We have been talking about awareness – how mindfulness can be another name for awareness. Attention is another word for the quality of paying attention to what is going on NOW. An esteemed reader shared her mindfulness practice writing that on her walks she pays attention to 5 things she sees, 4 things she hears, 3 things she feels, 2 things she smells, and 1 thing she tastes.

Justin Stone (creator of Tai Chi Chih) asks us to pay attention to sounds. Right now I am aware of the dryer’s fairly loud tumbling sound, the subtle hum of the furnace fan, and the reassuring clicking of my keyboard keys.

But wait!

Here are the complete instructions from Justin Stone:

“Listen but do not embroider the sounds.”

What do you make of his enigmatic instruction?

Personally, I had to read further in the book to see what he meant because the idea of “embroidering sound” intrigued me. Stone says it is not easy to listen to sound without embroidering it.

He writes that to not embroider sound demands our strict attention. That to not embroider sound, we will have to drop our egoistic self-centered concerns, forget our worries and memories, and turn ourselves over to the hearing organ, registering only what we actually hear.

This makes me think that the above report of what I was hearing, was embroidered sound.

Without embroidery, what I heard was the dryer, the fan, and my keys.

I can see how this feels more mindful. Not embroidering sounds leads towards real mindfulness.

Do you embroider sound? What do you think Stone was getting at? Please let me know in the comments section!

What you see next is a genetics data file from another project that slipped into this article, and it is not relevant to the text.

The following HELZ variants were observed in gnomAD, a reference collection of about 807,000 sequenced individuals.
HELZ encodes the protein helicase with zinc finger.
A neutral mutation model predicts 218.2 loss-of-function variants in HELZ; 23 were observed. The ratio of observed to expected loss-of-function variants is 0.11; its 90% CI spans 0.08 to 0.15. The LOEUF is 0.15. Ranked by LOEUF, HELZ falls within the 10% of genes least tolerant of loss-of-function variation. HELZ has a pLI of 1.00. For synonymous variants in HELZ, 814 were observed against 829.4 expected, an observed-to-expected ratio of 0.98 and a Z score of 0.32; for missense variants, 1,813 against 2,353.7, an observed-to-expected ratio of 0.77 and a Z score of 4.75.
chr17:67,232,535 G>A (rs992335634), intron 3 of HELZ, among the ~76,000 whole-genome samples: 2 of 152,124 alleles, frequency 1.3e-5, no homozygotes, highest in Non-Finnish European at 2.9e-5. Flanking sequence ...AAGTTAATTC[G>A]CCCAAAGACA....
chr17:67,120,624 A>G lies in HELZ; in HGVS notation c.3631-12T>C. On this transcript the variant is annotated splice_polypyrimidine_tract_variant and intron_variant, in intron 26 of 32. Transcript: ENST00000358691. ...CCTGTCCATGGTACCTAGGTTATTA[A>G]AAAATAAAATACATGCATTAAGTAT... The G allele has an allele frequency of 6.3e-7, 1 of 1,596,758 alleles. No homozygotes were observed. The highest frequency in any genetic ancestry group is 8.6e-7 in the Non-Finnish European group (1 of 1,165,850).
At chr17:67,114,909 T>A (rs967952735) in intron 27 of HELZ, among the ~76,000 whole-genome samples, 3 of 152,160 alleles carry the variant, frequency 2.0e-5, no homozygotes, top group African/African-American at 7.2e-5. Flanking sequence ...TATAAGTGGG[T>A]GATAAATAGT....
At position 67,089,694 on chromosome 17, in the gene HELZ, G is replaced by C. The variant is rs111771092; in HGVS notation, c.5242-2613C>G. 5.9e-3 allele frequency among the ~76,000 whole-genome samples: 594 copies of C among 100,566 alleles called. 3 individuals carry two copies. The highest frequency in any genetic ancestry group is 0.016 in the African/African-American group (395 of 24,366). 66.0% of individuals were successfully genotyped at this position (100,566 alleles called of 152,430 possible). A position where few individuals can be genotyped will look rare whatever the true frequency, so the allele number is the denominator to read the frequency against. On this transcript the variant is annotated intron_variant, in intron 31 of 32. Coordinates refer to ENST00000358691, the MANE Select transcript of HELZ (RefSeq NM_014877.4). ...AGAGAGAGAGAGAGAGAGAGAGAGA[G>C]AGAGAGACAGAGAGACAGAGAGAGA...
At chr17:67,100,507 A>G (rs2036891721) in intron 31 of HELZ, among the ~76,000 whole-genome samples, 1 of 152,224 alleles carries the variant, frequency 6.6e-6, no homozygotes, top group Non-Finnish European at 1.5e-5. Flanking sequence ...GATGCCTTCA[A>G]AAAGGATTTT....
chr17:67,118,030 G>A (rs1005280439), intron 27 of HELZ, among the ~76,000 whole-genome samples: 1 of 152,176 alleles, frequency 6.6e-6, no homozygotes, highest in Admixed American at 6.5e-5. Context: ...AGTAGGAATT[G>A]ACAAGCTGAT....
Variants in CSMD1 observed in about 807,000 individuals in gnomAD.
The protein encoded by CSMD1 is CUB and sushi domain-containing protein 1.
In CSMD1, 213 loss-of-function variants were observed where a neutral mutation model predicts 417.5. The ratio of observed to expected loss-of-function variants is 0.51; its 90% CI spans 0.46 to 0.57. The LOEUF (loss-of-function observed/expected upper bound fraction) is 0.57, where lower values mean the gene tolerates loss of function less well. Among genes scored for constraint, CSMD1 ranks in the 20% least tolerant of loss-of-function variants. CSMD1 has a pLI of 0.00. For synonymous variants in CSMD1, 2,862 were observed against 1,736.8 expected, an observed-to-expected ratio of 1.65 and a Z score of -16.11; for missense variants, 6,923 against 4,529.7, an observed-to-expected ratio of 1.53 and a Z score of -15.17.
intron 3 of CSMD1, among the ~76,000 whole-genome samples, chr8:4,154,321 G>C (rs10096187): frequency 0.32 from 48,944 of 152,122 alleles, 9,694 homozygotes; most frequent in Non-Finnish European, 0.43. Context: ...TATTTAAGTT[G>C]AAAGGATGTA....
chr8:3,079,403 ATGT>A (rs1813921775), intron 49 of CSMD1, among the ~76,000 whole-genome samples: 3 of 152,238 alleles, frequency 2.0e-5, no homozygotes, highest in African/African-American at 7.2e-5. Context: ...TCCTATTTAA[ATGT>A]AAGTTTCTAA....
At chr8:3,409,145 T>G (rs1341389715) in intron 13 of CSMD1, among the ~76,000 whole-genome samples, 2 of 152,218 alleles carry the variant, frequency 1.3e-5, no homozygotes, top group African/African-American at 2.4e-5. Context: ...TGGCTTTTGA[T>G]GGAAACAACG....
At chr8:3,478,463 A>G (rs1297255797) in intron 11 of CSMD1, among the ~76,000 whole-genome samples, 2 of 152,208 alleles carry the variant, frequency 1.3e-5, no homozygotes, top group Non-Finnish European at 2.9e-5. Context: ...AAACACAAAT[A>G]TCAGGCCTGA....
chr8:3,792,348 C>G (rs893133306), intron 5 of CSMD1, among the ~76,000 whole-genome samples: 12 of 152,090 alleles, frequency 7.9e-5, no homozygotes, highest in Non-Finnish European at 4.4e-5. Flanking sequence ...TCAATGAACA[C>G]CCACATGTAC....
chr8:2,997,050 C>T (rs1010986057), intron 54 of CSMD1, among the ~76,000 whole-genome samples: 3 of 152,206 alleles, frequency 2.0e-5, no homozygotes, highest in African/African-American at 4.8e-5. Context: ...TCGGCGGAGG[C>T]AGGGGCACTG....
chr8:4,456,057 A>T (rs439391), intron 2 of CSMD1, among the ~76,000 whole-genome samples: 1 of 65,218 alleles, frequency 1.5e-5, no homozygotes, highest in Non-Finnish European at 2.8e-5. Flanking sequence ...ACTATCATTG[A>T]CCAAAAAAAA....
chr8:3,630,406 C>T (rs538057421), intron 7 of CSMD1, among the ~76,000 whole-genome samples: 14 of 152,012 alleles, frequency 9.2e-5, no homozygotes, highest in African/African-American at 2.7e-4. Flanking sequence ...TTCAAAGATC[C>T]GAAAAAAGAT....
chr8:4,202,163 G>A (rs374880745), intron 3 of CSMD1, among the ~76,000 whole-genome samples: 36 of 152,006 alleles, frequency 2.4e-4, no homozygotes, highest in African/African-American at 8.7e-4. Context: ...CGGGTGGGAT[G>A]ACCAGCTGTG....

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6 Responses

  1. This post reminded me of something Jon Kabat Zinn suggested in his meditation class he gives on Masterclass (highly recommend). He suggested that, during meditation, to try not to label the sounds–just hear them! Not easy either!

    • Hi Diane – I am thinking that this is what not embroiding means – in different words!
      Thanks for reading and commenting!
      Nicky

  2. Hi, Nicky,
    What an interesting question! As I pondered Justin Stone’s instruction, I was actually led to a different conclusion from the one you reached. I’m enrolled in a creative nonfiction writing class at my local college (free for retirees) and the text we’re using encourages us to examine every sensory aspect of a memory or object (smell, taste, texture, temperature, sight, sound, etc.) in order to convey the “essence” or “is-ness” to the reader in as absolute way as possible, so that they may enter into the experience we’re describing. In other words, to “embroider.” Only in that way, can I be fully present, mindful or aware of every particular aspect of a given stone, bird call or clothes dryer sound. To my mind, Stone’s injunction not to “embroider” means that we humans shouldn’t draw ego-based conclusions about what we hear, see or smell. In other words, just because the dryer makes a loud thumping sound doesn’t mean it needs to be fixed or replaced, or that I find it annoying while I’m trying to write. The loud thump is part of the dryer’s “is-ness” at this point in time and place. There is no meaning or interpretation beyond that, no judgment, no conclusions.
    These are just my top-of-head thoughts. Since I’m not familiar with Stone’s work, I can’t go farther than this personal observation, but I’m grateful for the question you posed!
    All the best,
    Sharon

    • Hi Sharon, What a great thing that you are taking a creative nonfiction class! It sounds like you are learning a lot!
      I love what you say about a things “is-ness”! Take a look at Diane’s comment and see what you think.

      So happy that you commented! My best to you!
      Nicky

  3. What a thoughtful piece. Yes, I embroidered sound, it’s the voice in my head that has running commentary about things I need to do, remember, see, and so on. Sometimes the voice comes out loud as talking to myself, which I was pleased to learn doesn’t mean I’m crazy but is actually a good practice (an article by an Israeli psychologist I read a few months back.)

    • Thanks Barbara – it is reassuring to know that when we talk outloud to ourselves, it is a positive!

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